Are you a Landlord? Do you own any rental properties?
Taxation on buy to let properties can be a complex affair so to help those of our clients that are landlords here is a guide that provides basic details as to how buy to let properties are subject to taxation.
Buy to let property is subject to Stamp Duty Land Tax (SDLT). As from 1 April 2016, SDLT is payable as follows:
An investor buying another property that is not their main residence (including holiday homes or buying property on behalf of children if the parents’ names are on the deeds) will be charged of these new rates.
SDLT must be paid within 30 days of completion of the purchase of the property and is usually paid by the solicitor on completion. This tax is deductible from capital gains tax liabilities when the property is sold.
Capital Gains Tax
If the property is sold at a profit, after deducting costs such as estate agents, solicitor’s fees and SDLT, capital gains tax may be due, however owners will benefit from an annual capital gains tax allowance (£11,100 in 2016/17).
Depending upon your income and other capital gains you may have, the rates of capital gains tax are as follows:
The March 2016 budget announced that capital gains tax rates will be reduced to 10% and 20% however these will not apply to landlords and buy to let properties.
Capital gains tax can be reduced by including the following in calculations:
The loss made on the sale of the buy to let property in previous years.
Estate agent fees.
The cost of advertising the property for sale.
Any expenditure on ‘capital’ items (which can be deducted from the capital gain.
If the property was previously your main residence, the gain may be reduced.
Disclosing the Gain
Capital gains tax must be declared on your Self-Assessment tax return and is payable by 31 January in the tax year after which the property was sold (for example, if the property was sold on 6 June 2015, this occurred in the tax year 2015/16 is therefore payable by 31 January 2017).
Any tax due on profit from the sale of a property after April 2019 will become payable within 30 days of the date the property was sold.
All rent is subject to income tax and this needs to be declared on your Self-Assessment tax return. The taxable income is then charged in accordance with your income tax banding (20% for basic rate taxpayers, 40% for higher rate taxpayers and 45% for additional rate).
Income tax can be reduced by deducting certain ‘allowable expenses’ from the taxable rental income which can include:
Interest on buy to let mortgages and other finance charges (but see below).
Council tax, insurance, ground rent etc.
Property repairs and maintenance (however, large improvements such as extensions will not be income tax deductible and they will be added to the cost of the property when it is sold and be deductible against capital gains tax).
Legal, management and other professional fees such as letting agency fees.
Other property expenses including building insurance premiums.
The 2015 Summer Budget has reduced the amount of tax relief that can be reclaimed on interest on buy to let properties from April 2017.
Prior to April 2017, tax is payable on your net rental income after deducting allowable expenses including mortgage interest. This meant that landlords paying higher or additional rate tax could claim tax relief at their highest rate, however from April 2020, tax relief can only be reclaimed on the basic rate, regardless of whatever tax the landlord pays.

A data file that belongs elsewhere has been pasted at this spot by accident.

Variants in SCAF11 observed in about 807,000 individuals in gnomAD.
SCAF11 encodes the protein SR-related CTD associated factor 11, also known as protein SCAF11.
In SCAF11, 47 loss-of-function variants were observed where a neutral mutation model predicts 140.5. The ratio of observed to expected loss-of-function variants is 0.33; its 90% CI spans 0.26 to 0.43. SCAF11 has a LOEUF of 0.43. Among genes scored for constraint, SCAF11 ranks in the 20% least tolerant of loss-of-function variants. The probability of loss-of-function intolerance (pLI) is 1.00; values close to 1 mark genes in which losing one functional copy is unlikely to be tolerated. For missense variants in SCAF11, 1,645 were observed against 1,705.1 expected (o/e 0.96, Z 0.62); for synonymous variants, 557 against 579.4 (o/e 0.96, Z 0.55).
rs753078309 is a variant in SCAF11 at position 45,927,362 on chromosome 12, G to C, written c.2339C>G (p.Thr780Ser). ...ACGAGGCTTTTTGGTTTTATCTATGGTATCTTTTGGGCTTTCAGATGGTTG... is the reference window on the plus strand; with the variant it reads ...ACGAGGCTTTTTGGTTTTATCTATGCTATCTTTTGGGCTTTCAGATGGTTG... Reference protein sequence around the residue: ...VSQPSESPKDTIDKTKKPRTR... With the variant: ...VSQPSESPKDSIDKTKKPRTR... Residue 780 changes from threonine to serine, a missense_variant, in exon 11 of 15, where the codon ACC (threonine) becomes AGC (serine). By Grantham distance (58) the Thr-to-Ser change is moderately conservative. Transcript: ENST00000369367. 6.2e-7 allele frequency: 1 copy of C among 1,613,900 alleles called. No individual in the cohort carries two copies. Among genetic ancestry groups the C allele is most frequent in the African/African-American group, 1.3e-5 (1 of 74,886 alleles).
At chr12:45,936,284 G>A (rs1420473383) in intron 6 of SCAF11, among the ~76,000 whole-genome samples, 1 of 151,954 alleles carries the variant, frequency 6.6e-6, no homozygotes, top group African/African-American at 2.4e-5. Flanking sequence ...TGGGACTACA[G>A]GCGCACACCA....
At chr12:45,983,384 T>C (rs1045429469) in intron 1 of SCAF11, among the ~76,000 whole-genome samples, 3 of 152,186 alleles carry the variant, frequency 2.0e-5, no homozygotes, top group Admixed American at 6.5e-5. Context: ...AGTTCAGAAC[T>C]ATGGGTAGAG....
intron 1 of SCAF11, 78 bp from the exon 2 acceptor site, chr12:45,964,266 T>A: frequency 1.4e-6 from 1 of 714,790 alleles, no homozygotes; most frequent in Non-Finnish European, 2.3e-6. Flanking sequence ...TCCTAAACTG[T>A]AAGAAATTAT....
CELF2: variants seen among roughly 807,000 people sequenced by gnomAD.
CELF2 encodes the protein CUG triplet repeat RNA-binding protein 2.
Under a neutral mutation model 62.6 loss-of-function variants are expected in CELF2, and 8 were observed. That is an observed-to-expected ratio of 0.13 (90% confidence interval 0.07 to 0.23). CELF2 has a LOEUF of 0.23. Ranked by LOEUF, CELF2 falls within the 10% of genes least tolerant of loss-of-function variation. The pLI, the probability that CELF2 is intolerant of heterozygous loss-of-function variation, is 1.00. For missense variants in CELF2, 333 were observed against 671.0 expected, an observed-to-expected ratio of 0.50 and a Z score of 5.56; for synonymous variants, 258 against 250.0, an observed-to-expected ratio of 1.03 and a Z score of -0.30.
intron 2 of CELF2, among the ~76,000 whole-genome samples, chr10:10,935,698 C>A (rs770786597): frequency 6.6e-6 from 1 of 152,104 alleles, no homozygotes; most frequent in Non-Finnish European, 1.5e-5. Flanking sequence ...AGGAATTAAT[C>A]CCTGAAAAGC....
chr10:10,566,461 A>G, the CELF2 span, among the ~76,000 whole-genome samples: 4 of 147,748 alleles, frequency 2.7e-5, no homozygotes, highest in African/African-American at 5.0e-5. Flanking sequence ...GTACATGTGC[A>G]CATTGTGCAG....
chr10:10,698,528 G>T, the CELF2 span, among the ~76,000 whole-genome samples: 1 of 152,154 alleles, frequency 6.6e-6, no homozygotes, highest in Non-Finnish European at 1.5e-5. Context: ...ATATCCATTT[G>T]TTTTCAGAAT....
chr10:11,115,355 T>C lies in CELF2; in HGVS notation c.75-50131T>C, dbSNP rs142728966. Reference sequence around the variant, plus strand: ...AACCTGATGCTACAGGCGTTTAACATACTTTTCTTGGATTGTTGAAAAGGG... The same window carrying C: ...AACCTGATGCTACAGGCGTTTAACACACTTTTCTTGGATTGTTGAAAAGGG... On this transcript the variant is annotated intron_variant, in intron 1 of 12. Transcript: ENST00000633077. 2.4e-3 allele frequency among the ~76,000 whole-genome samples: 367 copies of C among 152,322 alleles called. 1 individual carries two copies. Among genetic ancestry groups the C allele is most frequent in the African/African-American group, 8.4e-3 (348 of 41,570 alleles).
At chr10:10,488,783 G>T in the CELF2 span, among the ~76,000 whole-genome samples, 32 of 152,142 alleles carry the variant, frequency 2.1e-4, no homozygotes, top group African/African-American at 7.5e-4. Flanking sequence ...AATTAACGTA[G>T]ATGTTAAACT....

This is being phased in over four years starting from April 2017.
Inheritance Tax (IHT)
Buy to let or second properties form part of your estate for IHT purposes.
If you own the property in your sole name, the value of the property (less any outstanding mortgages) will be included in the value of your estate plan subject to tax at 40% if this is more than £325,000.
If jointly owned, with your spouse or civil partner, the value of the property (less any outstanding mortgages) will be included in the value of your estate plan subject to tax at 40% if this is more than £650,000.
This is a complex area and should be discussed with your accountant, however the following gives a brief summary of the issues.
Limited companies are not affected by the new mortgage interest relief restriction coming into force from April 2017. Interest for limited companies is classed as a business expense and fully deductible against income.
Companies pay corporation tax at a fixed rate, irrespective of the size of profits. The corporation tax rate is currently 20%, reduced to 17% in 2020, which therefore makes the tax rate very attractive compared to 40% of the higher rate taxpayers and 45% for additional higher rate taxpayers.
The big issue is how the money in the company is passed to the individual. If the money is taken out of the company as a dividend, then from April 2016, only the first £5000 dividend income is tax-free. Any dividends taken in excess of this will either be charged at 7.5% for a basic rate taxpayer, 32.5% for higher rate taxpayers or 38.1% for additional taxpayers. This tax is after corporation tax at 20% has been paid.
Money could be taken out as a salary but the company would have to operate Pay As You Earn and pay employers national insurance contributions on any salaries paid. This usually works out more expensive than paying dividends.
Taking an income from a limited company that has been generated by rent could be more expensive than holding the property as an individual.
You should also be aware that if you transfer property that has been owned by an individual to a limited company, SDLT will be payable.
The taxation of buy to let and second properties is becoming more complex. If you require any support, please do not hesitate to contact us on 01661 860438.